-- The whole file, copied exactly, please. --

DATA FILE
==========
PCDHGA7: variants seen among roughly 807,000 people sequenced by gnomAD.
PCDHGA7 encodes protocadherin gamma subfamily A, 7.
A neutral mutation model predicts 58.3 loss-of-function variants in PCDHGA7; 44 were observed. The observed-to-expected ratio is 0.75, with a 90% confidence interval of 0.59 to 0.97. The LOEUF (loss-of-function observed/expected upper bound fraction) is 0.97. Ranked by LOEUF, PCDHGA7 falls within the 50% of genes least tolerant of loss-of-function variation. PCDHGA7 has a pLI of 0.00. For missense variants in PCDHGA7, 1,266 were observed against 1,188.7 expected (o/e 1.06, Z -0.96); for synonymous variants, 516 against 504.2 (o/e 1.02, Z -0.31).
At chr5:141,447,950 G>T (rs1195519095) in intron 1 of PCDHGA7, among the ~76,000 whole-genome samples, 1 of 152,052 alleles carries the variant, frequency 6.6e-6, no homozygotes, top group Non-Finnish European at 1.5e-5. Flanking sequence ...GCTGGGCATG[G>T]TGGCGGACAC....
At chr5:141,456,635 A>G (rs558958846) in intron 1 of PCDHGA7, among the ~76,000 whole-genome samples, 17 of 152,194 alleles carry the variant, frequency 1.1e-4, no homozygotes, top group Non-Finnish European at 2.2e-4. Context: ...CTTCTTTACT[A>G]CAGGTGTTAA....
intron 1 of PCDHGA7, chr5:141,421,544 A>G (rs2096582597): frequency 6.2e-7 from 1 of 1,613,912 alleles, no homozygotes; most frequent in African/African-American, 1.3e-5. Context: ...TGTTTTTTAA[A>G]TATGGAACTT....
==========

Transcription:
PCDHGA7: variants seen among roughly 807,000 people sequenced by gnomAD.
PCDHGA7 encodes protocadherin gamma subfamily A, 7.
A neutral mutation model predicts 58.3 loss-of-function variants in PCDHGA7; 44 were observed. The observed-to-expected ratio is 0.75, with a 90% confidence interval of 0.59 to 0.97. The LOEUF (loss-of-function observed/expected upper bound fraction) is 0.97. Ranked by LOEUF, PCDHGA7 falls within the 50% of genes least tolerant of loss-of-function variation. PCDHGA7 has a pLI of 0.00. For missense variants in PCDHGA7, 1,266 were observed against 1,188.7 expected (o/e 1.06, Z -0.96); for synonymous variants, 516 against 504.2 (o/e 1.02, Z -0.31).
At chr5:141,447,950 G>T (rs1195519095) in intron 1 of PCDHGA7, among the ~76,000 whole-genome samples, 1 of 152,052 alleles carries the variant, frequency 6.6e-6, no homozygotes, top group Non-Finnish European at 1.5e-5. Flanking sequence ...GCTGGGCATG[G>T]TGGCGGACAC....
At chr5:141,456,635 A>G (rs558958846) in intron 1 of PCDHGA7, among the ~76,000 whole-genome samples, 17 of 152,194 alleles carry the variant, frequency 1.1e-4, no homozygotes, top group Non-Finnish European at 2.2e-4. Context: ...CTTCTTTACT[A>G]CAGGTGTTAA....
intron 1 of PCDHGA7, chr5:141,421,544 A>G (rs2096582597): frequency 6.2e-7 from 1 of 1,613,912 alleles, no homozygotes; most frequent in African/African-American, 1.3e-5. Context: ...TGTTTTTTAA[A>G]TATGGAACTT....